Gov. Nathan Deal is pushing a limited legislative agenda in the crucial third year of his term that’s more notable for what it doesn’t include than what it does.
He’s not backing a new funding scheme to unclog Atlanta’s roads or more major tinkering with Georgia’s tax code. He’s leaving a foray into contentious social issues to lawmakers and trying to avoid a legislative fight over loosening gun restrictions.
So far, his biggest legislative pushes are over issues he’s helping lawmakers avoid: a bid to renew a fee on hospitals that helps plug a Medicaid funding shortfall and an effort to route $300 million in public funds for a new Falcons stadium in downtown Atlanta through the city instead of the state.
“I’ve tried my best as you might have already gathered to relieve the members of the General Assembly from difficult decisions that they have to make because I understand the political consequences of it,” he told The Atlanta Journal-Constitution. “Because sometimes issues that are important to the state are not always easy to reconcile with their constituents back home.”
After Deal’s previous legislative sessions led to seismic changes that restructured the HOPE scholarship program and Georgia’s criminal justice system, the governor will focus this legislative term on tweaking existing law. He’s also endorsing measures that include tighter boating rules and cost-cutting changes to the juvenile justice system.
The tack allows him to focus much of his political muscle on a $19.8 billion budget steeped with sharp budget cuts. And it helps him hew to the promise of less government interference that he touted during his State of the State address: “Together, we will run a state — rather than its citizens’ lives.”
But the no-frills agenda risks creating a vacuum that could be filled with a flurry of other legislation that could complicate Deal’s duties in the months to come. It could also leave Deal, who enjoyed a favorable rating of about 51 percent in a recent AJC poll, vulnerable to accusations from critics of not doing enough to tackle Georgia’s most pressing problems.
Democrats have been quick to seize on a perceived lack of ambition in Deal’s agenda, expressing worry that the governor hasn’t come up with new ideas to fund infrastructure after a 1 percent transportation sales tax referendum failed in most of the state.
“I think it’s disappointing that the governor isn’t tackling the big issues out there for Georgians with anything more than cosmetic changes,” said state Sen. Steve Henson, the leader of the Democratic caucus. “We can’t continue not trying to look at the bigger picture that doesn’t keep the state in a positive direction moving forward.”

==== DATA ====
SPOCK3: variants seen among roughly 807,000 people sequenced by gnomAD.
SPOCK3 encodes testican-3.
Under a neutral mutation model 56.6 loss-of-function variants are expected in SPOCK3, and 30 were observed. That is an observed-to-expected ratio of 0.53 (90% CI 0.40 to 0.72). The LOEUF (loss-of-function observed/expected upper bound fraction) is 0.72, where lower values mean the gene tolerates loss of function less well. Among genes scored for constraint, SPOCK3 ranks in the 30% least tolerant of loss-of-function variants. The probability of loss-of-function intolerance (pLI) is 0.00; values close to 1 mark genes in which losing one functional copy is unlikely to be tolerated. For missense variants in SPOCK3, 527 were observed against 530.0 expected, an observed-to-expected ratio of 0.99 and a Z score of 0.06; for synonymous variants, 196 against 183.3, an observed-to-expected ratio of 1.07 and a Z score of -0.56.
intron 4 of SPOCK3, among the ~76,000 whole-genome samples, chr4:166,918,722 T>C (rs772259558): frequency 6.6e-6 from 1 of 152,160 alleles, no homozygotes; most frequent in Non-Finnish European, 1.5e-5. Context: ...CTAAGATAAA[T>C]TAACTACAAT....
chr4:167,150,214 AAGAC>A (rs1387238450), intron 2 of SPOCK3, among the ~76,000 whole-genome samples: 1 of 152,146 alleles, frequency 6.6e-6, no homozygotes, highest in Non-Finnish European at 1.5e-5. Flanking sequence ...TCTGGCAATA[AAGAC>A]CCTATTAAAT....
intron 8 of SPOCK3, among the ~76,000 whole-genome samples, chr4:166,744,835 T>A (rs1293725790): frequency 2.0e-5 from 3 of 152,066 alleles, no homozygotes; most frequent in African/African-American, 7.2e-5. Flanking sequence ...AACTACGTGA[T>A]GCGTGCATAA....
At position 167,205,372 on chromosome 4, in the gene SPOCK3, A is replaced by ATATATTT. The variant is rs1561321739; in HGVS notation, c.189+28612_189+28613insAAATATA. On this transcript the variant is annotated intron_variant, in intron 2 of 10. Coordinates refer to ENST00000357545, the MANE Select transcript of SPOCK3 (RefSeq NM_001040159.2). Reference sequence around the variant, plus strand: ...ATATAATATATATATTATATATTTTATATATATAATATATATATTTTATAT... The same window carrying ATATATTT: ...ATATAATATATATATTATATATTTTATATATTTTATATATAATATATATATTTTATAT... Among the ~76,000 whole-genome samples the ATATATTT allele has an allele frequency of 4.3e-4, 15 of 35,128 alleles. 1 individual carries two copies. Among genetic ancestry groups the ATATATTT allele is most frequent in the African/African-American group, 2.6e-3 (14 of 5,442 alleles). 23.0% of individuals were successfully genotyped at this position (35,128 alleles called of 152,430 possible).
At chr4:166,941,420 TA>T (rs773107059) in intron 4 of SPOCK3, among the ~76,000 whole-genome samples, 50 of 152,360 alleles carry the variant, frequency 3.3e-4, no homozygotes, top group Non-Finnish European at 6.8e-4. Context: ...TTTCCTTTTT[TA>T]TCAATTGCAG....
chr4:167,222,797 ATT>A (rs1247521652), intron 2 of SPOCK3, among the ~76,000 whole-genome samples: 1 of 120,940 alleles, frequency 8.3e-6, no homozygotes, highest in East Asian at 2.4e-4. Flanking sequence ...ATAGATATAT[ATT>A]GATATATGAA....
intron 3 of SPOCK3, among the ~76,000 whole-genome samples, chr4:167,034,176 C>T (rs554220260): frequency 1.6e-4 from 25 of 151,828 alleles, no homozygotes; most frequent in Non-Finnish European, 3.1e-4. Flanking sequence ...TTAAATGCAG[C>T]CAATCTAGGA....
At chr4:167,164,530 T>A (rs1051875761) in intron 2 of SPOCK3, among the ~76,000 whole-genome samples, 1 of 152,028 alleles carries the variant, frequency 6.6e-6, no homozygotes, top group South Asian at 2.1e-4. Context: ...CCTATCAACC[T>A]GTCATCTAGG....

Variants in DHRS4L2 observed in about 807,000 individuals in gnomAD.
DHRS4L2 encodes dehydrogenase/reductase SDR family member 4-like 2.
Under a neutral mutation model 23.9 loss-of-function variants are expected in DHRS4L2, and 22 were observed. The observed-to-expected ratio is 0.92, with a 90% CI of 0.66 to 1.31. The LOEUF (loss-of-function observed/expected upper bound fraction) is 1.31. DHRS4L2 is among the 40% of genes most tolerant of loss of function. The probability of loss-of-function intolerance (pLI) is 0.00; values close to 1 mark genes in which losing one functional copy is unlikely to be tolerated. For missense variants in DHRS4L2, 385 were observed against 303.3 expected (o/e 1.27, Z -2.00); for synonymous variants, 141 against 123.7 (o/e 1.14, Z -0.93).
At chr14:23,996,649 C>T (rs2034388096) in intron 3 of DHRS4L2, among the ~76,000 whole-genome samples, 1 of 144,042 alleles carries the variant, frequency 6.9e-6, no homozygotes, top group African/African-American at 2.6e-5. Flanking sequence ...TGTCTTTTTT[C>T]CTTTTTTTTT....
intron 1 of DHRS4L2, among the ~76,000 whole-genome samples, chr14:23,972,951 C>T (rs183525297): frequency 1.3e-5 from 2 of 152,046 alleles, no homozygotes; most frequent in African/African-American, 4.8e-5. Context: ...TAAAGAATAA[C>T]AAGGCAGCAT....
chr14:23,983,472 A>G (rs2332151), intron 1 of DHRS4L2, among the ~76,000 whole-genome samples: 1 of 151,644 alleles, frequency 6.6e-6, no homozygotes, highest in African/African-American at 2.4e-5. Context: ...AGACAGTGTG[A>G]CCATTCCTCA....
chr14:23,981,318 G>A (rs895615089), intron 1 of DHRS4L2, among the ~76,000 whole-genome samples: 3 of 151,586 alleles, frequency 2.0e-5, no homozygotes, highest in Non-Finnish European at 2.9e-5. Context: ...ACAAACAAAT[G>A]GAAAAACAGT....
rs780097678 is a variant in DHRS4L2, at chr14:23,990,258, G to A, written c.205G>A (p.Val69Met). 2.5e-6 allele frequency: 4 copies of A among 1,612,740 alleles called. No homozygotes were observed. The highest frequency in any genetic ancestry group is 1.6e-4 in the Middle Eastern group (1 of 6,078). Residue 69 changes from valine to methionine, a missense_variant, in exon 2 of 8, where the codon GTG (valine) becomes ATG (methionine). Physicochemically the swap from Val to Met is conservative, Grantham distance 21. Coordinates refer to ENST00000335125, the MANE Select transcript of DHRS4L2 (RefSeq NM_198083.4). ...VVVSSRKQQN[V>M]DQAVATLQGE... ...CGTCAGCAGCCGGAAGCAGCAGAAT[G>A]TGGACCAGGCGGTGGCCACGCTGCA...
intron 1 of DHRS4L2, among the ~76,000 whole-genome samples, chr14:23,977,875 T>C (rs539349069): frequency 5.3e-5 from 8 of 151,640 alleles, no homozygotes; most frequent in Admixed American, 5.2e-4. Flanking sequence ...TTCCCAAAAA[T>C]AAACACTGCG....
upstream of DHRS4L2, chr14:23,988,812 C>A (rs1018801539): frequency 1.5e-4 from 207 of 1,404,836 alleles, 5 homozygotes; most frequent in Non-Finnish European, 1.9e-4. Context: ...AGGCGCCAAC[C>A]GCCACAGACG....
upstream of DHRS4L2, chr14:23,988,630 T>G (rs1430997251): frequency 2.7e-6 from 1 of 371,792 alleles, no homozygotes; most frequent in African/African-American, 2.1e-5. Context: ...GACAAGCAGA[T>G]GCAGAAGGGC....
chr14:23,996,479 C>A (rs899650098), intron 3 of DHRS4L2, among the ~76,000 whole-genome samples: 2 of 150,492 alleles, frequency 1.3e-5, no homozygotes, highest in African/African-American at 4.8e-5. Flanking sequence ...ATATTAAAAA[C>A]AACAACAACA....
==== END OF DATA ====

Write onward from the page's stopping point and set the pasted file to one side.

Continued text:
It also opens him to criticism from conservative critics who worry he’s sidestepping a larger debate. Anti-tax groups, including Grover Norquist’s Americans for Tax Reform, have derided Deal’s plan to allow a state agency to levy the hospital fees as a “step in the wrong direction.” And others have called on Deal to set a more visionary course.
“Now is the time for comprehensive tax reform, not political gimmicks,” Dalton Mayor David Pennington said. “Georgians deserve better.”
For Deal’s strategists, though, the plan to allow the Department of Community Health to levy the so-called “bed tax” could eliminate one of his thorniest dilemmas in the session’s opening weeks. The Senate has already approved the measure, and the House could soon follow.
That’s left Deal to pursue less high-profile policies, such as changes to the juvenile justice system that could divert more young offenders from the adult prison system and an effort to lower the legal blood alcohol level for boaters from 0.1 percent to 0.08 percent — the same level as automobile drivers.
He’s hinted at more ambitious legislative policy at speeches and events, but it’s unclear what level of support he’s prepared to give them. In one case, Deal noted that many school boards have been threatened with losing school accreditation based on governance issues instead of academic progress.
“Unless this is addressed by state legislation, we will continue to have thousands of Georgia’s children trapped in underperforming schools through no fault of their own,” Deal said.
House Speaker David Ralston, too, has said he’s open to legislation that addresses “education governance” but hasn’t elaborated.
Deal has also signaled support for ethics reform, with an important caveat: The changes should apply beyond the Legislature to all elected officials at the state and local levels.
“We can build the strongest foundations of frugality, efficiency and competitiveness upon which our state government will rest,” he said. “But if the citizens of Georgia don’t trust us, it will all be in vain, for the vibrations of distrust will crack even the strongest foundations.”
His biggest legislative headache may prove to be the Falcons stadium. In the face of public opposition and eroding legislative support, Deal has been in talks with Falcons owner Arthur Blank and Atlanta Mayor Kasim Reed to get the city, not the state, to issue $300 million in hotel/motel taxes toward the $1 billion retractable-roof stadium.
The swell of civic pride accompanying the team’s surge into the playoffs has now been replaced by what-ifs after a heart-wrenching defeat last week.
“It would have been nice if they were going to the Super Bowl,” the governor said of the Falcons. “But these kinds of things aren’t for this Super Bowl but for Super Bowls down the road.”
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